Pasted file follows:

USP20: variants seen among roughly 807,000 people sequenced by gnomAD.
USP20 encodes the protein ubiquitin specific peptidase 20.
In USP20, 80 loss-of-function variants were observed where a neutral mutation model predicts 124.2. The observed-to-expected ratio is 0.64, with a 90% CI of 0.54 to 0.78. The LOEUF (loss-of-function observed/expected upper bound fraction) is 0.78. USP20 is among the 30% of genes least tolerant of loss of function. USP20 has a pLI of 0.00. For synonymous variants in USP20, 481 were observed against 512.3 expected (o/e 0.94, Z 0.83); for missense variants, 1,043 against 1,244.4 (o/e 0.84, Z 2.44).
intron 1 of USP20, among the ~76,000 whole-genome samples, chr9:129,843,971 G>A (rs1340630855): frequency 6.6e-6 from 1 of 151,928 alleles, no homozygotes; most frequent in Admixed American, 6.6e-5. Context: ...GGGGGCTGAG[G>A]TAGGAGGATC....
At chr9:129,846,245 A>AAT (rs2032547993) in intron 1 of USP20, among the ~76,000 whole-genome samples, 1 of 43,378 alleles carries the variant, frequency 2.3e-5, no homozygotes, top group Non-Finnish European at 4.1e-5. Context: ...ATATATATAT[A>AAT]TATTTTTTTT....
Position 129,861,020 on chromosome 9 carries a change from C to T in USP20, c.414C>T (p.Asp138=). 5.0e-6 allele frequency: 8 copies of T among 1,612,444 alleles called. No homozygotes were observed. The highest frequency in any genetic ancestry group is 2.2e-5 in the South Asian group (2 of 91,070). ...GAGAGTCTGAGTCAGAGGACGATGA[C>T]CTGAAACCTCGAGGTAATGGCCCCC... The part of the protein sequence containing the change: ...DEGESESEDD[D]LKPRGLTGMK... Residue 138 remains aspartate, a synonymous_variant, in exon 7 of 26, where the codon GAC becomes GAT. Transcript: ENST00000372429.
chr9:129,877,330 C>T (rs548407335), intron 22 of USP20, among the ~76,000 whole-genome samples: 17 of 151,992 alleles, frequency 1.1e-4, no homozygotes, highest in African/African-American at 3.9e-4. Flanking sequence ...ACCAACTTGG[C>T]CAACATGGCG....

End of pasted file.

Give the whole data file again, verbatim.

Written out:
USP20: variants seen among roughly 807,000 people sequenced by gnomAD.
USP20 encodes the protein ubiquitin specific peptidase 20.
In USP20, 80 loss-of-function variants were observed where a neutral mutation model predicts 124.2. The observed-to-expected ratio is 0.64, with a 90% CI of 0.54 to 0.78. The LOEUF (loss-of-function observed/expected upper bound fraction) is 0.78. USP20 is among the 30% of genes least tolerant of loss of function. USP20 has a pLI of 0.00. For synonymous variants in USP20, 481 were observed against 512.3 expected (o/e 0.94, Z 0.83); for missense variants, 1,043 against 1,244.4 (o/e 0.84, Z 2.44).
intron 1 of USP20, among the ~76,000 whole-genome samples, chr9:129,843,971 G>A (rs1340630855): frequency 6.6e-6 from 1 of 151,928 alleles, no homozygotes; most frequent in Admixed American, 6.6e-5. Context: ...GGGGGCTGAG[G>A]TAGGAGGATC....
At chr9:129,846,245 A>AAT (rs2032547993) in intron 1 of USP20, among the ~76,000 whole-genome samples, 1 of 43,378 alleles carries the variant, frequency 2.3e-5, no homozygotes, top group Non-Finnish European at 4.1e-5. Context: ...ATATATATAT[A>AAT]TATTTTTTTT....
Position 129,861,020 on chromosome 9 carries a change from C to T in USP20, c.414C>T (p.Asp138=). 5.0e-6 allele frequency: 8 copies of T among 1,612,444 alleles called. No homozygotes were observed. The highest frequency in any genetic ancestry group is 2.2e-5 in the South Asian group (2 of 91,070). ...GAGAGTCTGAGTCAGAGGACGATGA[C>T]CTGAAACCTCGAGGTAATGGCCCCC... The part of the protein sequence containing the change: ...DEGESESEDD[D]LKPRGLTGMK... Residue 138 remains aspartate, a synonymous_variant, in exon 7 of 26, where the codon GAC becomes GAT. Transcript: ENST00000372429.
chr9:129,877,330 C>T (rs548407335), intron 22 of USP20, among the ~76,000 whole-genome samples: 17 of 151,992 alleles, frequency 1.1e-4, no homozygotes, highest in African/African-American at 3.9e-4. Flanking sequence ...ACCAACTTGG[C>T]CAACATGGCG....